He surveyed the brush field and saw that it was crawling with at least a dozen suckleworms slowly advancing on the copse hunting in a pack for a double meal. He was so panicked he feared he would have to jump with his daughter to their doom over the edge to avoid a worse fate in Skava. The creatures surrounded the trees cautiously, smelling the death glands of their packmates, planning a coordinated charge that no prey could resist. Mutt was not waiting for their next move and rapidly looped a coil of emergency rope around the nearest tree trunk with Hope perched on his shoulders pointing wildly at the worms yelling “there’s one” and “there’s another one,” her father wishing she would shut up. The creatures approached methodically in a constricting semicircle as he wrapped the rope around his forearm as a backstop and began lowering himself over the edge with Hope clinging to his shoulders, both hands in crippling pain from the toxic bite and shattered knuckle. The creatures charged, one a monster nearly as large as the beast that fell into Leland, once they realized their prey was escaping, and Mutt dropped over the edge with the speed of gravity until the rope tightened around his forearm in an agonizing snap, his other arm clutching Hope’s ankle as she fell pendulously from his back. They were swinging into the rim forest of Leland and he suppressed all pain in this moment of life and death to kick their bodies along the surface over to a tree trunk for lateral support in the vertical world. As he did so an adventurous worm clambered down the rope expecting a meal on the bound forearm but by now he had balanced himself on the trunk with sufficient slack in the rope to pop the creature loose into free fall. Hope was in total shock, shivering and unable to cry, limbs flailing randomly at imagined assaults, while Mutt surveyed the damage to his finger and forearm, wondering what lesser injuries his body had suffered that he could not yet feel through the greater pain. He cut a section of rope with the knife and secured his daughter by the waist to his belt loop, then sought out an expanse of branches in which they could rest more securely. He searched the satchel for a water flask but was dismayed to find it had fallen out, leaving them to cope with thirst in addition to hunger and injury. As he dug into the satchel for food he almost stuck his finger into the mouth of yet another small worm. But he saw it in time and impaled it on his knife, using a branch to flick it outward into the forest.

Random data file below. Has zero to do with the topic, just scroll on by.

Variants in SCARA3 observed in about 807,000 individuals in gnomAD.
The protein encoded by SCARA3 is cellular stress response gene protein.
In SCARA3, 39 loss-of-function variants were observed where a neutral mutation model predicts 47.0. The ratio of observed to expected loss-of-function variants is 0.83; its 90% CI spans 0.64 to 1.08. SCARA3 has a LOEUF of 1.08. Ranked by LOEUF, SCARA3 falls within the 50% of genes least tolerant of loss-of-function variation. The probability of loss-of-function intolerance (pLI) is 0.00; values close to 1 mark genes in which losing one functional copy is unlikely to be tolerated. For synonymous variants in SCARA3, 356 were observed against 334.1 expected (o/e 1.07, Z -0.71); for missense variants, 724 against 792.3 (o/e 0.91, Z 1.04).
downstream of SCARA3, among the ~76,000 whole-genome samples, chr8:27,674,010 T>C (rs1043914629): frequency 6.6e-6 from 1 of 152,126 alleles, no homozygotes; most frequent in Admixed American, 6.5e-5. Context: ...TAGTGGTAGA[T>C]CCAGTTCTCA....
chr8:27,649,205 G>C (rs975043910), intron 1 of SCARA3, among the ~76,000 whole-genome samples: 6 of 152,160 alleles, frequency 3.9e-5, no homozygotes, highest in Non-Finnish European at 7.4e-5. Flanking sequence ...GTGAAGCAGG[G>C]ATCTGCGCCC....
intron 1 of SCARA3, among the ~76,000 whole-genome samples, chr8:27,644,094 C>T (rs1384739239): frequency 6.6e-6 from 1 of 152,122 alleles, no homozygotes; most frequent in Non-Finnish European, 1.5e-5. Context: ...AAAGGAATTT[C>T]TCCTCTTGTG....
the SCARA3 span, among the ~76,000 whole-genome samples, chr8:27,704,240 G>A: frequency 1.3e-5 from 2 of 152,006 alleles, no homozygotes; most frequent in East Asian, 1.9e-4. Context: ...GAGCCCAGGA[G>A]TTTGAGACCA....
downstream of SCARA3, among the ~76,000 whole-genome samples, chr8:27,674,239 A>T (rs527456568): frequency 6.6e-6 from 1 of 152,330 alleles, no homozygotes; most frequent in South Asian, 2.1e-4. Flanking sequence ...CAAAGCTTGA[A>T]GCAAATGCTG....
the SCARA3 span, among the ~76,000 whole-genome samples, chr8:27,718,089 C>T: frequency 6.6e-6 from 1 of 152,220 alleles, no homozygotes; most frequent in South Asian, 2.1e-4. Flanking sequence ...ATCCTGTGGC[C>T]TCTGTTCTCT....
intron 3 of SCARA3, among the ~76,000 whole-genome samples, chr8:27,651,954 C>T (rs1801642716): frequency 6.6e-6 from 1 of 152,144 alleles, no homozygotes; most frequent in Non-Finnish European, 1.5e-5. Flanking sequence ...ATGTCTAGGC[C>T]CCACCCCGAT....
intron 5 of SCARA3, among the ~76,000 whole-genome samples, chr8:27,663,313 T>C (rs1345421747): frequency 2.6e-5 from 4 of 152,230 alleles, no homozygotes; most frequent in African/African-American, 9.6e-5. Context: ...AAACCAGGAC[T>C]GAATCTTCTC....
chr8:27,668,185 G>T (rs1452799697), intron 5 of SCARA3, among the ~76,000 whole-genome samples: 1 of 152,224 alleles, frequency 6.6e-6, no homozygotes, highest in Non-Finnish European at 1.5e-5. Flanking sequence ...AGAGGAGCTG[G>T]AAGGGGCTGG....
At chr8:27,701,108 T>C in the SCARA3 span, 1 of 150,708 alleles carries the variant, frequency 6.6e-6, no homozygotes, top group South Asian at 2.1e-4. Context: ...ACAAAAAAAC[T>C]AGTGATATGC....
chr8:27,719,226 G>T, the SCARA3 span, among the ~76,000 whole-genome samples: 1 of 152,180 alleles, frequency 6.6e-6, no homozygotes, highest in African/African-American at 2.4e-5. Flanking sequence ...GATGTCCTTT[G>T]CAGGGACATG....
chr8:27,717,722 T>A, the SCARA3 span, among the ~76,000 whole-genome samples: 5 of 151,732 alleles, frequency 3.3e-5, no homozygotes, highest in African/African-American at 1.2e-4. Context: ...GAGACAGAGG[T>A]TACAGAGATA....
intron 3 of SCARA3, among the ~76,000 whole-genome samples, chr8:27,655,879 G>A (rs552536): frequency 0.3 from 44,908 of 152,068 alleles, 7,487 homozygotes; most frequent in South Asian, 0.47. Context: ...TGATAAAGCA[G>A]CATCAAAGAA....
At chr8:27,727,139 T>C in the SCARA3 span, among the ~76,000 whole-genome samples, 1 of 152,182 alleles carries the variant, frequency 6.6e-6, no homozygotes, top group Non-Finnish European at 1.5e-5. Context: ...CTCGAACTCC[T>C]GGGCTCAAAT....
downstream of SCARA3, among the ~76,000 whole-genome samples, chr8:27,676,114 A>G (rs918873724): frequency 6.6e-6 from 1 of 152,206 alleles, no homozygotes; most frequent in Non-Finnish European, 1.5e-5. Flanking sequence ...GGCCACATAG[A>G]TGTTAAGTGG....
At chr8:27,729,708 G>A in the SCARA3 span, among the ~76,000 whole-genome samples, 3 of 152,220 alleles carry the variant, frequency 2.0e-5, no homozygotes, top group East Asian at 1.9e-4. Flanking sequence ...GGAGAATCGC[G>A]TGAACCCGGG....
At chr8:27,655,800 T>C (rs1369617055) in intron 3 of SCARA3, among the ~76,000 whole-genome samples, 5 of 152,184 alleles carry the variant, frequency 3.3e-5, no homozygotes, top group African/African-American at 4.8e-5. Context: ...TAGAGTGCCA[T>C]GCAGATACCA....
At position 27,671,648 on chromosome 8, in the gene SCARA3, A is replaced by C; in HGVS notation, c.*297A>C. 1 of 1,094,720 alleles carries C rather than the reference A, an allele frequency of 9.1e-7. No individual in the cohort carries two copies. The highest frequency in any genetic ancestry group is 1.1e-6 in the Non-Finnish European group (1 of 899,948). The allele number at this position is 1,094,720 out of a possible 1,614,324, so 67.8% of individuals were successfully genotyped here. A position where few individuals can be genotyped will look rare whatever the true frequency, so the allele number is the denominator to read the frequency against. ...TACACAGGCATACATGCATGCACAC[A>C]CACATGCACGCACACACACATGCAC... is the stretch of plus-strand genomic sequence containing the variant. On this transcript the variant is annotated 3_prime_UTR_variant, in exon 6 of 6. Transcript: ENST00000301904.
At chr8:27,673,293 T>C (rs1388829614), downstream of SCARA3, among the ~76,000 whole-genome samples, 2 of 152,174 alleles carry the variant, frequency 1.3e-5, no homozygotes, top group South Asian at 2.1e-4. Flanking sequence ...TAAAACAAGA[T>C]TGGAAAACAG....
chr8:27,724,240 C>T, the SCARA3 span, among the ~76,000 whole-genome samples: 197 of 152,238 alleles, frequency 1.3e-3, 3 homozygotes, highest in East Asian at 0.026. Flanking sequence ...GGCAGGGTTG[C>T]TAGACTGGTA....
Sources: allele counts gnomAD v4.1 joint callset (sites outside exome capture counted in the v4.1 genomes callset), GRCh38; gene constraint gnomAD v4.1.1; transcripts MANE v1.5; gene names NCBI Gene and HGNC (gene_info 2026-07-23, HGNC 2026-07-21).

As he calmed down he began to doubt the wisdom of his heroics. Yes he had rescued his wife and daughter from Skava but somehow being stranded on the side of a tree with a sniveling child in a desolate land with no food or water and no means of travel did not feel like success. He gazed into the sun hovering just over the Leland horizon and saw in it an unfeeling and promiscuous source of energy that gave life to the suckleworm with the same abandon as to humans. There was no higher meaning to the world than the crackling of grains in a fire, mindless reactions to ceaseless stimuli, the animate no more privileged than the inanimate in nature’s design, all just matter swirling in a void with no inherent purpose. Through searing pain from all quarters of his body, but especially his bitten hand, he lowered himself deeper into the rim forest, his child tied to his side, to avoid detection by edge patrols and took up roost on a lonely trunk covered in serrated shadows. If only he could rest, perhaps he would awake with a plan.